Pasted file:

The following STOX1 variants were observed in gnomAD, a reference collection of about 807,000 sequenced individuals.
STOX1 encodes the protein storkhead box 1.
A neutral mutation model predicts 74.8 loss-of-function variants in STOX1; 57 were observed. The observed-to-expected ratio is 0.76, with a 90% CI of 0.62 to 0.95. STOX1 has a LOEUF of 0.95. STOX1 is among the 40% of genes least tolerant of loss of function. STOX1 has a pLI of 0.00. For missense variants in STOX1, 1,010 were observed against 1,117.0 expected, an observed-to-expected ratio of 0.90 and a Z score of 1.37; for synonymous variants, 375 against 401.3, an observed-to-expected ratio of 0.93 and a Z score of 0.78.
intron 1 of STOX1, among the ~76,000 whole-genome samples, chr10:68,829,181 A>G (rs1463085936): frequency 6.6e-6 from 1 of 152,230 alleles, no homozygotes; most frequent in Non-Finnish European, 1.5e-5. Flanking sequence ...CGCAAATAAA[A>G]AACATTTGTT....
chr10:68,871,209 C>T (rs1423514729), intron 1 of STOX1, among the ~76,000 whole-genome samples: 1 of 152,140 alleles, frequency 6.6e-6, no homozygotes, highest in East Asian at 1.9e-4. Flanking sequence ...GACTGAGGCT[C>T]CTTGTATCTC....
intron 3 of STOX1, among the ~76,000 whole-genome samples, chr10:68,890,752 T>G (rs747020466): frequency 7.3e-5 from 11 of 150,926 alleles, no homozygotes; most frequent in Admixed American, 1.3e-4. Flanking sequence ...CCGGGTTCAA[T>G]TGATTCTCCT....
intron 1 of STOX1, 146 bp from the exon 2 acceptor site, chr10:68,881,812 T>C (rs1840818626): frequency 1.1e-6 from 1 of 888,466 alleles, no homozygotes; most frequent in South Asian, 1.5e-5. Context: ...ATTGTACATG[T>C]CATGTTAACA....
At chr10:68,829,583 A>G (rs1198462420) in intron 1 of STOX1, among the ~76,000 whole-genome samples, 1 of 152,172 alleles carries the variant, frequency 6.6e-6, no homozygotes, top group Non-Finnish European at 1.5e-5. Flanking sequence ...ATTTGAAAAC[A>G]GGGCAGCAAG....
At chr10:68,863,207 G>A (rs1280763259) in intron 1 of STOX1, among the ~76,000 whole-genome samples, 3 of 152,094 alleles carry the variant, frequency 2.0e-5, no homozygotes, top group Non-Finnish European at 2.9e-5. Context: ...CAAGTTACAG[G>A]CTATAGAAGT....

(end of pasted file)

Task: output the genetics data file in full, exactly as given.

The following STOX1 variants were observed in gnomAD, a reference collection of about 807,000 sequenced individuals.
STOX1 encodes the protein storkhead box 1.
A neutral mutation model predicts 74.8 loss-of-function variants in STOX1; 57 were observed. The observed-to-expected ratio is 0.76, with a 90% CI of 0.62 to 0.95. STOX1 has a LOEUF of 0.95. STOX1 is among the 40% of genes least tolerant of loss of function. STOX1 has a pLI of 0.00. For missense variants in STOX1, 1,010 were observed against 1,117.0 expected, an observed-to-expected ratio of 0.90 and a Z score of 1.37; for synonymous variants, 375 against 401.3, an observed-to-expected ratio of 0.93 and a Z score of 0.78.
intron 1 of STOX1, among the ~76,000 whole-genome samples, chr10:68,829,181 A>G (rs1463085936): frequency 6.6e-6 from 1 of 152,230 alleles, no homozygotes; most frequent in Non-Finnish European, 1.5e-5. Flanking sequence ...CGCAAATAAA[A>G]AACATTTGTT....
chr10:68,871,209 C>T (rs1423514729), intron 1 of STOX1, among the ~76,000 whole-genome samples: 1 of 152,140 alleles, frequency 6.6e-6, no homozygotes, highest in East Asian at 1.9e-4. Flanking sequence ...GACTGAGGCT[C>T]CTTGTATCTC....
intron 3 of STOX1, among the ~76,000 whole-genome samples, chr10:68,890,752 T>G (rs747020466): frequency 7.3e-5 from 11 of 150,926 alleles, no homozygotes; most frequent in Admixed American, 1.3e-4. Flanking sequence ...CCGGGTTCAA[T>G]TGATTCTCCT....
intron 1 of STOX1, 146 bp from the exon 2 acceptor site, chr10:68,881,812 T>C (rs1840818626): frequency 1.1e-6 from 1 of 888,466 alleles, no homozygotes; most frequent in South Asian, 1.5e-5. Context: ...ATTGTACATG[T>C]CATGTTAACA....
At chr10:68,829,583 A>G (rs1198462420) in intron 1 of STOX1, among the ~76,000 whole-genome samples, 1 of 152,172 alleles carries the variant, frequency 6.6e-6, no homozygotes, top group Non-Finnish European at 1.5e-5. Flanking sequence ...ATTTGAAAAC[A>G]GGGCAGCAAG....
At chr10:68,863,207 G>A (rs1280763259) in intron 1 of STOX1, among the ~76,000 whole-genome samples, 3 of 152,094 alleles carry the variant, frequency 2.0e-5, no homozygotes, top group Non-Finnish European at 2.9e-5. Context: ...CAAGTTACAG[G>A]CTATAGAAGT....